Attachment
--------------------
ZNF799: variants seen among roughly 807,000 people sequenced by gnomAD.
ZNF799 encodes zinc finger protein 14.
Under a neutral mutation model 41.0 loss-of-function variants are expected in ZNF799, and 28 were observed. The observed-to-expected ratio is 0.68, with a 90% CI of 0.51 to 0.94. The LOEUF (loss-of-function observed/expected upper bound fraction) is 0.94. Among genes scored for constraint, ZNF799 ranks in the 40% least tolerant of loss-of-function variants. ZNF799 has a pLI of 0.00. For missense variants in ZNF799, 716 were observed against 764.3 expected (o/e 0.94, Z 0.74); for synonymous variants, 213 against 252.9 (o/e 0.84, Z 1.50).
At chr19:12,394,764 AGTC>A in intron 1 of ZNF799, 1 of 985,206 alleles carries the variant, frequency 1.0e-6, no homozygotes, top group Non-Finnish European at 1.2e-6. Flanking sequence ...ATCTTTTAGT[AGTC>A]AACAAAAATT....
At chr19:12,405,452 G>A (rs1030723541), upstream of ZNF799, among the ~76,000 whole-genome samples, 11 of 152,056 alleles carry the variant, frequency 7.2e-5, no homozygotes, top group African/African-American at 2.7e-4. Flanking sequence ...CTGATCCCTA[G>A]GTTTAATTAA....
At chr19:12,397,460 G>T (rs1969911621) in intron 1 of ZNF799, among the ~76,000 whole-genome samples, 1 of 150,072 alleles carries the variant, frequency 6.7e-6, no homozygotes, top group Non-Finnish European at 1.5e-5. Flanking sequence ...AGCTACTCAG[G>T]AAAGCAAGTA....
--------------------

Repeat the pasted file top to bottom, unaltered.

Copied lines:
ZNF799: variants seen among roughly 807,000 people sequenced by gnomAD.
ZNF799 encodes zinc finger protein 14.
Under a neutral mutation model 41.0 loss-of-function variants are expected in ZNF799, and 28 were observed. The observed-to-expected ratio is 0.68, with a 90% CI of 0.51 to 0.94. The LOEUF (loss-of-function observed/expected upper bound fraction) is 0.94. Among genes scored for constraint, ZNF799 ranks in the 40% least tolerant of loss-of-function variants. ZNF799 has a pLI of 0.00. For missense variants in ZNF799, 716 were observed against 764.3 expected (o/e 0.94, Z 0.74); for synonymous variants, 213 against 252.9 (o/e 0.84, Z 1.50).
At chr19:12,394,764 AGTC>A in intron 1 of ZNF799, 1 of 985,206 alleles carries the variant, frequency 1.0e-6, no homozygotes, top group Non-Finnish European at 1.2e-6. Flanking sequence ...ATCTTTTAGT[AGTC>A]AACAAAAATT....
At chr19:12,405,452 G>A (rs1030723541), upstream of ZNF799, among the ~76,000 whole-genome samples, 11 of 152,056 alleles carry the variant, frequency 7.2e-5, no homozygotes, top group African/African-American at 2.7e-4. Flanking sequence ...CTGATCCCTA[G>A]GTTTAATTAA....
At chr19:12,397,460 G>T (rs1969911621) in intron 1 of ZNF799, among the ~76,000 whole-genome samples, 1 of 150,072 alleles carries the variant, frequency 6.7e-6, no homozygotes, top group Non-Finnish European at 1.5e-5. Flanking sequence ...AGCTACTCAG[G>T]AAAGCAAGTA....